Tornadoes are common in the thunderstorm bands of hurricanes and tropical storms, especially in the right-front quadrant of the system. The tornadoes tend to be short-lived and can give little, if any, warning.
Hurricanes with circulation over land are conducive to tornadoes …
Why? Tornadoes thrive, in part, on strong vertical shear, which means a difference in horizontal winds’ direction and speed at different heights. And tropical cyclones offer a lot of vertical shear.
… especially in the front-right quadrant (in the Northern Hemisphere).
In the Northern Hemisphere, this vertical shear is especially pronounced in a tropical cyclone’s front-right (generally the northeast) quadrant.
Meanwhile, winds in higher levels of the atmosphere generally come from the west or southwest in the United States.
“So, usually the eastern side of the storm has winds opposite of the winds aloft, so that’s where you have high levels of (vertical) shear,” Ward said.
They’re often well away from the cyclone’s eye …
Tornadoes from a tropical cyclone might be a little weaker, and dissipate faster, than a tornado spawned at, say, higher latitudes, such as in the US Central Plains.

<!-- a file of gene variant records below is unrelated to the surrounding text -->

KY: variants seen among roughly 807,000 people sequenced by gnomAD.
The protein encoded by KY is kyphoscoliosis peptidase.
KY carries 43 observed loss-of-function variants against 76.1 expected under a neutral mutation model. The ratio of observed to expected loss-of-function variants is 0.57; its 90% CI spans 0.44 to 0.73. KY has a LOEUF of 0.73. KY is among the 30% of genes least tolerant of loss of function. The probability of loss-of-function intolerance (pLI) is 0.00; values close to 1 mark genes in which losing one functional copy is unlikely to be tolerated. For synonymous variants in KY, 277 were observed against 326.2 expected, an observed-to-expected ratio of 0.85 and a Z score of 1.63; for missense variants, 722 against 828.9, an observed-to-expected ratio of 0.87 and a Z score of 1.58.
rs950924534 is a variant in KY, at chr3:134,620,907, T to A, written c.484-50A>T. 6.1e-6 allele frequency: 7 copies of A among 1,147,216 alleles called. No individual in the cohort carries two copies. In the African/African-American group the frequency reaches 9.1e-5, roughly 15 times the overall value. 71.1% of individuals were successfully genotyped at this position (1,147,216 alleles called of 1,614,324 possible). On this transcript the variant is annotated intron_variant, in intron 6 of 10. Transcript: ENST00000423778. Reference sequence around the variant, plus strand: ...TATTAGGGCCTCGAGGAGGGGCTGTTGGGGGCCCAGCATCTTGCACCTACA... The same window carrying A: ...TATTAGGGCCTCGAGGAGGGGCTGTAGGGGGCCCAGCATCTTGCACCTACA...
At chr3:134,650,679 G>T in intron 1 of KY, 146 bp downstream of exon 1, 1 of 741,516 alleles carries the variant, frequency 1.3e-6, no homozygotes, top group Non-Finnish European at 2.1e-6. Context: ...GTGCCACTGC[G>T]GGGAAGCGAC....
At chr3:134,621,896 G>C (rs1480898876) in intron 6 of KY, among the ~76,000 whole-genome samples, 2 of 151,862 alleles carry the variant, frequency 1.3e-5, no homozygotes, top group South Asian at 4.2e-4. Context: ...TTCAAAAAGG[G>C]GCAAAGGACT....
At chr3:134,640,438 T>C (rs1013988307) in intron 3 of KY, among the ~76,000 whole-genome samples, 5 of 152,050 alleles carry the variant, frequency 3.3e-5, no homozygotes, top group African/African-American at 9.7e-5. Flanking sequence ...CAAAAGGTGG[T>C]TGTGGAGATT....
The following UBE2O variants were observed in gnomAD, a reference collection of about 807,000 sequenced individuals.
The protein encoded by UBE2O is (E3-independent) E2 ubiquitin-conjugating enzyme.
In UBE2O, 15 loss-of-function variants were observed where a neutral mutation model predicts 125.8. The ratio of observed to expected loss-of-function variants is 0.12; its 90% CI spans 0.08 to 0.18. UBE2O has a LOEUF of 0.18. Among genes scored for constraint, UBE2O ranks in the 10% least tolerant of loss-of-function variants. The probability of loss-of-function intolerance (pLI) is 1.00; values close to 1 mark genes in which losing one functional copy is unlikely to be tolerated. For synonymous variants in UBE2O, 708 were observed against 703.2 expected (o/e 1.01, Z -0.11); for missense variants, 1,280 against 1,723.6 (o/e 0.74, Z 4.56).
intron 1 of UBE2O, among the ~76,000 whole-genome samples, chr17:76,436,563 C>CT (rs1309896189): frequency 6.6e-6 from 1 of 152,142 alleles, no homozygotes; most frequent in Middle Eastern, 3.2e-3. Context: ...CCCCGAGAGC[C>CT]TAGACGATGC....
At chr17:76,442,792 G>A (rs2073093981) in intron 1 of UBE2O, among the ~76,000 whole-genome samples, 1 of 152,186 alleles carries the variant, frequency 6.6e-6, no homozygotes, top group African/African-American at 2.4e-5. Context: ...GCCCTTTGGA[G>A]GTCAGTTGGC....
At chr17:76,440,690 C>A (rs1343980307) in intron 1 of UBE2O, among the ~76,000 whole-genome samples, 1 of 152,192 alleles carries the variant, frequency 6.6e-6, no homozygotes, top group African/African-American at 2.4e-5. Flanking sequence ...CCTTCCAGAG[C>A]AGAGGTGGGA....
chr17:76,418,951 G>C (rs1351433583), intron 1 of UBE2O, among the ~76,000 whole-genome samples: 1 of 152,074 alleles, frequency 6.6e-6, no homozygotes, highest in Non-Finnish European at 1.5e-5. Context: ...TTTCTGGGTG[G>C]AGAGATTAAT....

That’s because other than vertical shear, tornadoes thrive on an unstable atmosphere — and for tropical cyclones, thermal instability happens mostly at a lower height than for storms at higher latitudes.
So, the tornado-producing storm cells from a hurricane “tend to be smaller and shallower,” according to NOAA.
… but they pop up with relatively little warning.
The combination of shear and instability that a hurricane offers still produces small supercell storms that are more likely to spawn tornadoes than ordinary thunderstorm cells, NOAA said.
And hurricane-produced tornadoes can form quickly and dissipate quickly. “There’s not a ton of warning to them,” Ward said.
In a hurricane’s outer bands, tornadoes represent a burst of concentrated destruction in an area that otherwise might not see the devastating levels of wind produced by the hurricane’s core.
Editor’s note: This story, first published during the 2017 hurricane season, has been updated to include references to Hurricane Dorian.
CNN’s Brandon Miller contributed to this report.